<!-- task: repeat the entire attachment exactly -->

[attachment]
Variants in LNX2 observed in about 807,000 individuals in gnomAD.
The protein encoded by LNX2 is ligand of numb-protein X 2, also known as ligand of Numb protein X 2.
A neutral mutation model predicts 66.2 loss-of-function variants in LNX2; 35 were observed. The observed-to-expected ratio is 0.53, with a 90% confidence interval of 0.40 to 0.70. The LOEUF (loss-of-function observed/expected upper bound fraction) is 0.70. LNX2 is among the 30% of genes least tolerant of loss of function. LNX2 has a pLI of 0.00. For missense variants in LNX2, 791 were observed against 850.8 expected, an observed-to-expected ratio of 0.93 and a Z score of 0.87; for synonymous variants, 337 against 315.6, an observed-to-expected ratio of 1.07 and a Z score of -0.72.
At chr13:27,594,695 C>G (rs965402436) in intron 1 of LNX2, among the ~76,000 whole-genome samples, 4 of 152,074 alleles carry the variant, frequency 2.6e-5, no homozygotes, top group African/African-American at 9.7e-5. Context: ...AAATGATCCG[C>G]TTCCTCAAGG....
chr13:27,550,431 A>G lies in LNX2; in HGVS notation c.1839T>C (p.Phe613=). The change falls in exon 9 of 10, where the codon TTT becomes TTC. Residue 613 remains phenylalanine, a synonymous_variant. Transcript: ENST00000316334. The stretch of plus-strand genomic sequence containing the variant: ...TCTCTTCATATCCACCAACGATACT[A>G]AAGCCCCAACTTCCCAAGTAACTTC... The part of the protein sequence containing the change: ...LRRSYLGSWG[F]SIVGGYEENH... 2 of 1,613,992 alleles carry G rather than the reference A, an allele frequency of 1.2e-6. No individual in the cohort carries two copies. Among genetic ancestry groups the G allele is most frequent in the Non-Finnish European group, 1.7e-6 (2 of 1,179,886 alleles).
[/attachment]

Variants in LNX2 observed in about 807,000 individuals in gnomAD.
The protein encoded by LNX2 is ligand of numb-protein X 2, also known as ligand of Numb protein X 2.
A neutral mutation model predicts 66.2 loss-of-function variants in LNX2; 35 were observed. The observed-to-expected ratio is 0.53, with a 90% confidence interval of 0.40 to 0.70. The LOEUF (loss-of-function observed/expected upper bound fraction) is 0.70. LNX2 is among the 30% of genes least tolerant of loss of function. LNX2 has a pLI of 0.00. For missense variants in LNX2, 791 were observed against 850.8 expected, an observed-to-expected ratio of 0.93 and a Z score of 0.87; for synonymous variants, 337 against 315.6, an observed-to-expected ratio of 1.07 and a Z score of -0.72.
At chr13:27,594,695 C>G (rs965402436) in intron 1 of LNX2, among the ~76,000 whole-genome samples, 4 of 152,074 alleles carry the variant, frequency 2.6e-5, no homozygotes, top group African/African-American at 9.7e-5. Context: ...AAATGATCCG[C>G]TTCCTCAAGG....
chr13:27,550,431 A>G lies in LNX2; in HGVS notation c.1839T>C (p.Phe613=). The change falls in exon 9 of 10, where the codon TTT becomes TTC. Residue 613 remains phenylalanine, a synonymous_variant. Transcript: ENST00000316334. The stretch of plus-strand genomic sequence containing the variant: ...TCTCTTCATATCCACCAACGATACT[A>G]AAGCCCCAACTTCCCAAGTAACTTC... The part of the protein sequence containing the change: ...LRRSYLGSWG[F]SIVGGYEENH... 2 of 1,613,992 alleles carry G rather than the reference A, an allele frequency of 1.2e-6. No individual in the cohort carries two copies. Among genetic ancestry groups the G allele is most frequent in the Non-Finnish European group, 1.7e-6 (2 of 1,179,886 alleles).